‘Murphy Brown’ Won’t Return For Season 12, But That Seems To Have Been The Plan All Along
Reboots and revivals of beloved old series are often a fun, nostalgic way to take a peek back into the past. But one show that recently made a highly anticipated comeback will be taking another final bow at the end of this season. Sadly, Murphy Brown won’t return for Season 12, according to TvByTheNumbers.com. CBS didn’t include the revival in its midseason unscripted schedule, which the site says confirms “what many had already assumed” — that Murphy Brown would end after 13 episodes, and was not picked up for additional episodes.
As the site suggests, this wasn’t exactly unexpected. TVLine described the revival as a 13-episode deal back in September, and showrunner Diane English said the time felt right for a short stint back. “We started to feel like, there’s such a thing as the right time and place, so Warner Bros. suggested that I write the script, and I did, and then I felt after that like we were good to go,” she said. “Let’s just jump in and do 13 of these.”
The revival was met with excitement. The original Murphy Brown was beloved for its political commentary, and even 20 years following its departure, expectations were high.
Reviews went back and forth. Despite the hype, the 11th season of Murphy Brown only has a 43 percent positive score on Rotten tomatoes, and full-length reviews weren’t much kinder. Collider’s Andrea Reiher praised its cast for returning so seamlessly, but said that the reboot got off to an “uneven start.” “What doesn’t work as well, at least in the first two episodes, is how topical the show is trying to be. Yes, the original series was topical and liberal and didn’t shy away from current political issues,” she wrote. “The revival should be the same way. But it feels too forced.”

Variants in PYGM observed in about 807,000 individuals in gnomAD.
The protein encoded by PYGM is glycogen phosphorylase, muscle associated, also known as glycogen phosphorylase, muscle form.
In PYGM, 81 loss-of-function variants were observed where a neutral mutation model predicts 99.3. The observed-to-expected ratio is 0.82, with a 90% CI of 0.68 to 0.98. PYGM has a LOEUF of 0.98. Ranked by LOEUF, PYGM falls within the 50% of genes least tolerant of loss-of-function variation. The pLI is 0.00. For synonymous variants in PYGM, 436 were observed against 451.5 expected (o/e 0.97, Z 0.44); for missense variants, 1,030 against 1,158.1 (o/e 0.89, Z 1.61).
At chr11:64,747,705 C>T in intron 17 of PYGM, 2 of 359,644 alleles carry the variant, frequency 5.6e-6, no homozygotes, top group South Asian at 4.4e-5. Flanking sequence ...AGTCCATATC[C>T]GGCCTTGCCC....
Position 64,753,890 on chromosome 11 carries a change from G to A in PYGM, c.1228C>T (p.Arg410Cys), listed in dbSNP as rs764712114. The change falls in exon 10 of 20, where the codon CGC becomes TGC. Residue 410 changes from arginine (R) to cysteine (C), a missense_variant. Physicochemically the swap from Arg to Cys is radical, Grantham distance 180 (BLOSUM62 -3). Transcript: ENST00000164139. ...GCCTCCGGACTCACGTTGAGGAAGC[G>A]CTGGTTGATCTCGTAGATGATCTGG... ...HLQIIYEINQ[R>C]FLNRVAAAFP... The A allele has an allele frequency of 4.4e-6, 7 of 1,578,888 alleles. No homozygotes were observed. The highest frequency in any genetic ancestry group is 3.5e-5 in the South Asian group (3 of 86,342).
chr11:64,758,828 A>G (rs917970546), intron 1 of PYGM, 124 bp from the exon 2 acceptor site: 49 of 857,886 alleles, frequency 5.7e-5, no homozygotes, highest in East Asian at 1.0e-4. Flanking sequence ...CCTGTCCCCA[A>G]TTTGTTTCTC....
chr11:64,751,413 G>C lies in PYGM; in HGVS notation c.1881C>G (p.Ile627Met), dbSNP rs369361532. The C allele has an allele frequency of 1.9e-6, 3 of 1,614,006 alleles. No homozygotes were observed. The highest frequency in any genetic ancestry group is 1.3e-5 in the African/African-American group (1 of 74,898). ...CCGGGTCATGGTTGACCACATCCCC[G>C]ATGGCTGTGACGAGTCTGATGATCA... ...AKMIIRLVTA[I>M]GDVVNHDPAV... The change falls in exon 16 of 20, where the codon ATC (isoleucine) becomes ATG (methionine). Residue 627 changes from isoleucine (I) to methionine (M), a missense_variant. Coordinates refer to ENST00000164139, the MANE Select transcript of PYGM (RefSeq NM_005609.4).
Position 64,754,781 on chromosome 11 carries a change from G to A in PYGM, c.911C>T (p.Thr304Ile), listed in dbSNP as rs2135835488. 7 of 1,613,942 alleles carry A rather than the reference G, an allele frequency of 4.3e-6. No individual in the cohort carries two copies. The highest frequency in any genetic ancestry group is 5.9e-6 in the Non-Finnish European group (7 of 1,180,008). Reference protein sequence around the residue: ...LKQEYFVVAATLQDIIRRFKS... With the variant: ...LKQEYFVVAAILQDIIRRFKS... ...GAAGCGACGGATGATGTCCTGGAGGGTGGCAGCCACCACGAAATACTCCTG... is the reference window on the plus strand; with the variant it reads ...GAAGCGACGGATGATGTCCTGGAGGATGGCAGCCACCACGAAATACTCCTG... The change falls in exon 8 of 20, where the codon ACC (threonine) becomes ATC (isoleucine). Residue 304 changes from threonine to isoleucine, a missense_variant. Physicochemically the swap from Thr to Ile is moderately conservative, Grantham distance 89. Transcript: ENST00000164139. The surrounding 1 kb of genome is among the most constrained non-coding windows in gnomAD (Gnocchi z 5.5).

Deadline’s Dominic Patten questioned how well Murphy Brown was able to tackle the mayhem of the Trump administration. “This new and slightly extended Murphy Brown is so caught up in being topically anti-Trump that it will surely be yesterday’s news before the end of the night,” he wrote in his review.
CinemaBlend’s Nick Venable also took issue with similar aspects of Murphy Brown, writing that though the cast’s rapport with one another feels right at home with what the show used to be, the show relied too heavily on politics and “old age jokes.” Vox’s Todd VanDerWerff wrote in his review that though the jokes in the first few episodes were mostly easy shots at Trump, and the political depth might be a little shallow, there was still a kind of comfort found in the series.
Despite rocky reception, it feels like Murphy Brown did exactly what it wanted to do. “If Hillary Clinton was elected there’d be no artistic reason for this show to be on the air,” Steve Peterman, a producer on both the revival and the original, told the New York Times. “But because of the election and because the position the press is now finding itself in there were so many reasons for this show to come back. This isn’t a money grab. This isn’t a ‘let’s go out for one more swing at the fences.’ This was: We need to do this show.”
For those who did enjoy the return of Murphy Brown, a tight 13 episodes might have been all they needed to get a taste of the show that mattered so much a couple decades ago. And where it might have faltered, it showed just how difficult it can be for even an iconic and famously outspoken series to have legs when it resurfaces in a completely different political climate than the one in which it was born.